When we arrived, Dan greeted us and bade us to sit at his table, where Tanis himself was ensconced, along with a couple of other of our acquaintances whose conviviality is highly evident. The author was, by design, supposed to circulate. In practice, though, he hung out mostly at our table, often serving the dishes that he himself created.

He cooks, he scores. He even serves.

He cooks, he scores. He even serves.

The entire menu was — and this is a technical term — really tasty. All of it came from One Good Dish, with page numbers thoughtfully included. No doubt I could wax poetic about the crostini, or the espresso-hazelnut bark, and perhaps I will after I have made them. But this time, I’m going to lavish my praise upon the beets.

A perfect meal.

A perfect meal.

I’ve never been a big fan of beets. I’ve tried roasting them, cooking them in soup, glazing them, whatever. It’s not like I haven’t tried to like them, but I never had a beet-eating experience that made me want more. Until April 3, 2014, when The Bride, with whom I have been paired for more than three decades now, heard these words pass my lips for the first time ever: “May I have some more of the beets, please?”

Tanis’ Red Beet Salad, at its heart, is grated raw beets served in a fancy vinaigrette. And the Bugatti Veyron, at its heart, is a motorcar. The ingredients aren’t hard to locate or particularly sophisticated, but it’s absolutely worth using the very best available to you, especially super-fresh beets, and really good Dijon mustard, red wine vinegar, and olive oil. I used some red wine vinegar that I had picked up at Turley Wine Cellars, and cold-pressed extra virgin olive oil from Oliana.

A minor digression: The difference between $15 olive oil and $3 olive oil is often hugely significant. I highly recommend splurging whatever your budget can afford on a great bottle of olive oil for finishing soups and salads, serving on bread, etc. Oliana in West Hollywood and Beyond the Olive in Pasadena and Stonehouse California Olive Oil in the San Francisco Ferry Building all have tasting rooms, where you can select from a variety of olive oils with a wide spectrum of characteristics. Most major cities in America have some gourmet store that offers a similar experience. Do give it a go; if you haven’t done it before, you will be shocked — pleasantly, but shocked nonetheless — at just how different olive oils can be.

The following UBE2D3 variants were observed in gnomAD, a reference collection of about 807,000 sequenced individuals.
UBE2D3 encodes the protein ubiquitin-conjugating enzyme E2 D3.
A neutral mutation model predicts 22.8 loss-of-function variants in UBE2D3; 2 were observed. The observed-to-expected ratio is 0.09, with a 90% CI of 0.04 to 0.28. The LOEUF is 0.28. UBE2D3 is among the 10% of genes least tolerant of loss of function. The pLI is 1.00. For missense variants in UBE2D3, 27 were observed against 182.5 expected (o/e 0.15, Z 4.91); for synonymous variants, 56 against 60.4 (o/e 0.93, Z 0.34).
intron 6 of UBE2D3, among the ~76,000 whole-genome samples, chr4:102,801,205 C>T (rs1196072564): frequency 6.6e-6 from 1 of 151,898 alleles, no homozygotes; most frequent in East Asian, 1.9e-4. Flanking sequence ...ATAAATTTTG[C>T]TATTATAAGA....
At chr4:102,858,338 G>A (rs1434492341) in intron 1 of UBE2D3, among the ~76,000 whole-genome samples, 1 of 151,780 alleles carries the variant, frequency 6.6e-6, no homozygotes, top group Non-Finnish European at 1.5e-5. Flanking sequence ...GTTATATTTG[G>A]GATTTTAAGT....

All you need to make this excellent salad.

All you need to make this excellent salad.

Basically, you need to peel and grate the beets (I used both red and golden beets for my version), being very careful not to give yourself a case of what I like to call “box grater rash.” Alternatively, you can julienne the beets with a sharp knife. You might be well advised not to be wearing your bestest white shirt while doing this. Fresh beets are juicy, n’est–ce pas?

A bunch of beets.

A bunch of beets.

After the beets have been cut or grated, season them with a little salt and pepper and set them aside while you prepare the dressing. [I put them in the refrigerator to give them a slight chill-down.]

Great grated beets!

Great grated beets!

From the shallot to the cornichons on the ingredients list, everything is diced and/or measured and/or whatever as appropriate and gets mixed in a bowl. [Please consider buying the book; while this recipe isn't complicated, it will do your karma good to support writers and chefs such as Tanis. And it's a really terrific book.] The finished dressing will look something like the picture below, except that I took the shot before adding the parsley. Idiot me. So imagine some chopped flat-leaf parsley. Pour the dressing over the salad, mix, and let it marinate for at least 10 minutes. [Again, I put it in the fridge for this step.]

Yummy dressing for yummy salad.

Yummy dressing for yummy salad.

Serve, eat, and eat some more.

The second-best part about this salad is that it still tastes terrific the day after.

Mmmmm. Still good the next day.

Mmmmm. Still good the next day.

The recipe claims to serve four to six people, but don’t be surprised if your guests (or yourself!) are keen on seconds.

Vegan Tomato-Dill Soup